NASA began in 1958, under the direction of President Dwight D. Eisenhower in the attempted matching of the success of the Russians in launching a satellite just the year previous. Given the vision "to reach for new heights and reveal the unknown so that what we do and learn will benefit all humankind," the National Aeronautics and Space Administration has only grown from their humble but ambitious beginnings.

It is difficult to argue that the height of NASA's public presence wasn't during the Kennedy presidency. President John F. Kennedy, in a historic effort to catalyze the patriotism just beneath the surface of many Americans, directed their and NASA's attention toward the Moon.

We choose to go to the moon. We choose to go to the moon in this decade and do the other things, not because they are easy, but because they are hard, because that goal will serve to organize and measure the best of our energies and skills, because that challenge is one that we are willing to accept, one we are unwilling to postpone, and one which we intend to win, and the others, too.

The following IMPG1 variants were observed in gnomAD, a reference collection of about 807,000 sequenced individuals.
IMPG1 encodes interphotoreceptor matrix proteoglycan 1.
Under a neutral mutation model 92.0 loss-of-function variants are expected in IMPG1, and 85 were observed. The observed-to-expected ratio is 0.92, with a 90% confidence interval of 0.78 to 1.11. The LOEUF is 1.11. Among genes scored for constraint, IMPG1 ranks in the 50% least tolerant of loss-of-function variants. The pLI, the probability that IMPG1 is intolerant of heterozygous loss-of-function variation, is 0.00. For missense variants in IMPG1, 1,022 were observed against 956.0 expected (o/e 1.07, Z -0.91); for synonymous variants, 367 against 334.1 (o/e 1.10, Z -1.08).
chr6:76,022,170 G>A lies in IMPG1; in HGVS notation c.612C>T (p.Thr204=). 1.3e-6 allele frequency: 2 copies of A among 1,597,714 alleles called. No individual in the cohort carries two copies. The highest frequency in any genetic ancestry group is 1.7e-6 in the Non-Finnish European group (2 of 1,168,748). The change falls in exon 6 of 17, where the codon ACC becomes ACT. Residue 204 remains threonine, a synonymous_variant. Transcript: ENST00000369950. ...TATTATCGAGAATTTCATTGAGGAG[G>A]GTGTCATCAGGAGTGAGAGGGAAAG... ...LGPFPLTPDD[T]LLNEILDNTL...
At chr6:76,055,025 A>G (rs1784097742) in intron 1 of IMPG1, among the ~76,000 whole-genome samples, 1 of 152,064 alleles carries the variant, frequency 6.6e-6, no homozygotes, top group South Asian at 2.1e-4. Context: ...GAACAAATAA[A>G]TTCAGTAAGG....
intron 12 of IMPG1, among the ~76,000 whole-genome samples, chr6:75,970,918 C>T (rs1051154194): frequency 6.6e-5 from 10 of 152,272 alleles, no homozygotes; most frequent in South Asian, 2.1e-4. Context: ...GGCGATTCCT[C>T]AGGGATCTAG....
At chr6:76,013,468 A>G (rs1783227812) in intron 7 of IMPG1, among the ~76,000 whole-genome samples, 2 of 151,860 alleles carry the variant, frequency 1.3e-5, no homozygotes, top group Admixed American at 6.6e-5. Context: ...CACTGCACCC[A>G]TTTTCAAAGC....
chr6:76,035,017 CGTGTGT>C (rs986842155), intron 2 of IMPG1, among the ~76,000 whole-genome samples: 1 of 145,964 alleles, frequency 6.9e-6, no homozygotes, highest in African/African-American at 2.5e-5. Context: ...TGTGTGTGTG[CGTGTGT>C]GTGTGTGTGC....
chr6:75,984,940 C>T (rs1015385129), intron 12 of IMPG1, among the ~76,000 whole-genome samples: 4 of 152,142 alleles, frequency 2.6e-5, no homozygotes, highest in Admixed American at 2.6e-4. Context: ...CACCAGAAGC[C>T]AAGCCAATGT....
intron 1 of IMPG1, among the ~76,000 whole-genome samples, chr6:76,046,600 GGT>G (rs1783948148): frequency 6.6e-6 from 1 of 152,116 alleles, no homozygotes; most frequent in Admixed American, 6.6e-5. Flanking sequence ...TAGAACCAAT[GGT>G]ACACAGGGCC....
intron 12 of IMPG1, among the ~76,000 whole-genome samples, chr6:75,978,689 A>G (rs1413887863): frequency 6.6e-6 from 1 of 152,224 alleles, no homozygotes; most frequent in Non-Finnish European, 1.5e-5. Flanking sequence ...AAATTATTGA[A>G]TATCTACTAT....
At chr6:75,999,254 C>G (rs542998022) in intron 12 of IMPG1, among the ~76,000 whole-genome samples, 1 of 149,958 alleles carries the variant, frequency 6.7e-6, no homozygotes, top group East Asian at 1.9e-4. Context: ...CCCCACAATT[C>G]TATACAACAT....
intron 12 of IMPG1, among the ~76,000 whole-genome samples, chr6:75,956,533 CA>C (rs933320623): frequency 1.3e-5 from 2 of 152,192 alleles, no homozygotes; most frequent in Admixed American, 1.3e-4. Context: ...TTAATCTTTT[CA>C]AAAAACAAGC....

During this point, however, NASA was not only working on making their pipe dream a resounding success. It was one of the pioneers of early communications and weather satellites, conducting enormous amounts of research into our own planet while they sought for the stars.

But it was not all about us. Post-Apollo NASA realized that to make space travel more economical a reusable aircraft could cut into the costs greatly, and with that the space shuttle was born, one of the most important innovations for NASA from the beginning, allowing for 130 consecutive successful missions before its retirement in 2011. It was an important part of transportation to the International Space Station along with Russian Soyuz rockets, which are now the sole means of transport to the ISS.

"To reach for new heights and reveal the unknown"

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